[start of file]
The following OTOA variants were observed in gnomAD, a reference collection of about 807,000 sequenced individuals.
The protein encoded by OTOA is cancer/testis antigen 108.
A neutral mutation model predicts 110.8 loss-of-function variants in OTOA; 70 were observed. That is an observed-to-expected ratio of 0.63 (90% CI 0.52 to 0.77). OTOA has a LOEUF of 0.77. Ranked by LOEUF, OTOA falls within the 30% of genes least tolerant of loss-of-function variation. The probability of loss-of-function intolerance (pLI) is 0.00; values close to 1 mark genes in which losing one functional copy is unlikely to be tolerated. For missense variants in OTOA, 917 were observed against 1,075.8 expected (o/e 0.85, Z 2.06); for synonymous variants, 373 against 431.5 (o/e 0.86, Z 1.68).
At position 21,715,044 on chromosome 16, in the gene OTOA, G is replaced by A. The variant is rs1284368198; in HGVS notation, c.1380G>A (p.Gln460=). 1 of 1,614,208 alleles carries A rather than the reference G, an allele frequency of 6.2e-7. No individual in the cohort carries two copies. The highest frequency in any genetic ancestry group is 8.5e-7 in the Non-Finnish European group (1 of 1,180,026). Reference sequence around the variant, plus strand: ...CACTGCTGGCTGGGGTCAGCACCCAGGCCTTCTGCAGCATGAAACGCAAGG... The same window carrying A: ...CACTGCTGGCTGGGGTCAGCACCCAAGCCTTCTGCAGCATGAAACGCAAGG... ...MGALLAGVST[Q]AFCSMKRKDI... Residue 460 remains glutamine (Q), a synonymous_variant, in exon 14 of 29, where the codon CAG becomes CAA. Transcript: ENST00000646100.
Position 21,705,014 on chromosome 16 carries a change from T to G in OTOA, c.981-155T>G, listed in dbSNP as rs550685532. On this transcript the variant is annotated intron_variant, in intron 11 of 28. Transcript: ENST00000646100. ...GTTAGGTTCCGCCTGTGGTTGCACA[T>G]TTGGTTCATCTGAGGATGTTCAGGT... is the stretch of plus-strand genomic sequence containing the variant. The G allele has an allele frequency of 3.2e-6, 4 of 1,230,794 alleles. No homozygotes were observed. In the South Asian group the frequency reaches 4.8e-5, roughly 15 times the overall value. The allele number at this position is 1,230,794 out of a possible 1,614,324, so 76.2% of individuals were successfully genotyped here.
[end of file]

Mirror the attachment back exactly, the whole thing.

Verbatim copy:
The following OTOA variants were observed in gnomAD, a reference collection of about 807,000 sequenced individuals.
The protein encoded by OTOA is cancer/testis antigen 108.
A neutral mutation model predicts 110.8 loss-of-function variants in OTOA; 70 were observed. That is an observed-to-expected ratio of 0.63 (90% CI 0.52 to 0.77). OTOA has a LOEUF of 0.77. Ranked by LOEUF, OTOA falls within the 30% of genes least tolerant of loss-of-function variation. The probability of loss-of-function intolerance (pLI) is 0.00; values close to 1 mark genes in which losing one functional copy is unlikely to be tolerated. For missense variants in OTOA, 917 were observed against 1,075.8 expected (o/e 0.85, Z 2.06); for synonymous variants, 373 against 431.5 (o/e 0.86, Z 1.68).
At position 21,715,044 on chromosome 16, in the gene OTOA, G is replaced by A. The variant is rs1284368198; in HGVS notation, c.1380G>A (p.Gln460=). 1 of 1,614,208 alleles carries A rather than the reference G, an allele frequency of 6.2e-7. No individual in the cohort carries two copies. The highest frequency in any genetic ancestry group is 8.5e-7 in the Non-Finnish European group (1 of 1,180,026). Reference sequence around the variant, plus strand: ...CACTGCTGGCTGGGGTCAGCACCCAGGCCTTCTGCAGCATGAAACGCAAGG... The same window carrying A: ...CACTGCTGGCTGGGGTCAGCACCCAAGCCTTCTGCAGCATGAAACGCAAGG... ...MGALLAGVST[Q]AFCSMKRKDI... Residue 460 remains glutamine (Q), a synonymous_variant, in exon 14 of 29, where the codon CAG becomes CAA. Transcript: ENST00000646100.
Position 21,705,014 on chromosome 16 carries a change from T to G in OTOA, c.981-155T>G, listed in dbSNP as rs550685532. On this transcript the variant is annotated intron_variant, in intron 11 of 28. Transcript: ENST00000646100. ...GTTAGGTTCCGCCTGTGGTTGCACA[T>G]TTGGTTCATCTGAGGATGTTCAGGT... is the stretch of plus-strand genomic sequence containing the variant. The G allele has an allele frequency of 3.2e-6, 4 of 1,230,794 alleles. No homozygotes were observed. In the South Asian group the frequency reaches 4.8e-5, roughly 15 times the overall value. The allele number at this position is 1,230,794 out of a possible 1,614,324, so 76.2% of individuals were successfully genotyped here.